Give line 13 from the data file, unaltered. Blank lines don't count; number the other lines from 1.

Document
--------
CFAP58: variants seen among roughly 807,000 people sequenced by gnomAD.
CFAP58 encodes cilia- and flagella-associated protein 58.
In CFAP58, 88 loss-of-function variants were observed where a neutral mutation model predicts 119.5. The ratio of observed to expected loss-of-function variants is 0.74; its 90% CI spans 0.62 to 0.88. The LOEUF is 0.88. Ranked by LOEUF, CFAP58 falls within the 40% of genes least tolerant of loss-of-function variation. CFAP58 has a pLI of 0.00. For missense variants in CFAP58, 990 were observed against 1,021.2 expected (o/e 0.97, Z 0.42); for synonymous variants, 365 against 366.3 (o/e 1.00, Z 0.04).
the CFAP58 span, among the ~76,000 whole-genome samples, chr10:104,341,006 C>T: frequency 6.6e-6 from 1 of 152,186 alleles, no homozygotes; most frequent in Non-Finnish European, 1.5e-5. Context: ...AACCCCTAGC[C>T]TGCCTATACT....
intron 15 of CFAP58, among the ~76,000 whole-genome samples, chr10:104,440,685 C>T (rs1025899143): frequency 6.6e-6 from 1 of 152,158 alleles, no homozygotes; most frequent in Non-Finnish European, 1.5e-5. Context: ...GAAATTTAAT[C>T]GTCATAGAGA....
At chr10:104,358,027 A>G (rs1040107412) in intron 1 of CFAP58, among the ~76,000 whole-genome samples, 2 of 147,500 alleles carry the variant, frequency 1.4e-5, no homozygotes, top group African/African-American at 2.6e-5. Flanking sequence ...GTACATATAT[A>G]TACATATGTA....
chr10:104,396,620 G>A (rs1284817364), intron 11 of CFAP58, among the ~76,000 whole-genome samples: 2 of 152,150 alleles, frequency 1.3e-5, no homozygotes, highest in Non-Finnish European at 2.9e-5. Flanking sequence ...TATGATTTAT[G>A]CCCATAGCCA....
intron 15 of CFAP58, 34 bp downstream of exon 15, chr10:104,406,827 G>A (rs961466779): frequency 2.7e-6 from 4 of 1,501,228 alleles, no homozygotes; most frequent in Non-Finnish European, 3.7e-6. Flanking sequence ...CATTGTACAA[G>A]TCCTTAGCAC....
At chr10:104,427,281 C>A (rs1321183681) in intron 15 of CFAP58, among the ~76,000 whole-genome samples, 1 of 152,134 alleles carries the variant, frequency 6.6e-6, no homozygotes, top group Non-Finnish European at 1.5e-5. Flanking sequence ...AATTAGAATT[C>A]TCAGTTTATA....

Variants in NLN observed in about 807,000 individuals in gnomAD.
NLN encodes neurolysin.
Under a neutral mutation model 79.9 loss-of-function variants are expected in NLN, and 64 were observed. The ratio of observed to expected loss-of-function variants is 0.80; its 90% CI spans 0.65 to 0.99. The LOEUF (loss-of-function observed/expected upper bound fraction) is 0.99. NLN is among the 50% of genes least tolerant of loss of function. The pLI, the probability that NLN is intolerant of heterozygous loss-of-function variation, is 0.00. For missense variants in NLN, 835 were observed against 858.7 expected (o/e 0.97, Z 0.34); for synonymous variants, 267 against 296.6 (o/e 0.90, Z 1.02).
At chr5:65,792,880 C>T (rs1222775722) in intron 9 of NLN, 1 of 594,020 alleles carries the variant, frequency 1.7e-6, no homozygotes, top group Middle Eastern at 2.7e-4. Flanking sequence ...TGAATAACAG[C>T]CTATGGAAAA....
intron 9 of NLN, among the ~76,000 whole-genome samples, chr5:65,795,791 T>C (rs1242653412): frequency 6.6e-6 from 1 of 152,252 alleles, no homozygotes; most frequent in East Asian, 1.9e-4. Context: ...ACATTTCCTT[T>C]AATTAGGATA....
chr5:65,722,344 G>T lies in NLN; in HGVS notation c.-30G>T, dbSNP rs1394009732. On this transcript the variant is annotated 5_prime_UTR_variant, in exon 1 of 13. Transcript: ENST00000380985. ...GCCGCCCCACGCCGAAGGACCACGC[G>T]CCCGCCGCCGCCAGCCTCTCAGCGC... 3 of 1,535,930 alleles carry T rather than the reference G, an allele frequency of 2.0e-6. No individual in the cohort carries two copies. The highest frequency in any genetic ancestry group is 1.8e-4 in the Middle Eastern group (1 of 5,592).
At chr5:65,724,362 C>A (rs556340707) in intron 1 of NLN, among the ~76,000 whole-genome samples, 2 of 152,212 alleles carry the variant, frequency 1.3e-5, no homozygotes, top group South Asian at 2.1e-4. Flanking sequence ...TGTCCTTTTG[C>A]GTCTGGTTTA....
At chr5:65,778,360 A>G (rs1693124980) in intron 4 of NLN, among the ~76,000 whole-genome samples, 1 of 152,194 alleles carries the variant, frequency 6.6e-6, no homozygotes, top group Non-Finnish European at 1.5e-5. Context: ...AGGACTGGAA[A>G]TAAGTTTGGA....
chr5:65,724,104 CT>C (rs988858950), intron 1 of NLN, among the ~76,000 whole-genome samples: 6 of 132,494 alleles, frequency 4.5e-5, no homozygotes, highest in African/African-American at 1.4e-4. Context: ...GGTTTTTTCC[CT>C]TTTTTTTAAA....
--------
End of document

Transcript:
At chr5:65,792,880 C>T (rs1222775722) in intron 9 of NLN, 1 of 594,020 alleles carries the variant, frequency 1.7e-6, no homozygotes, top group Middle Eastern at 2.7e-4. Flanking sequence ...TGAATAACAG[C>T]CTATGGAAAA....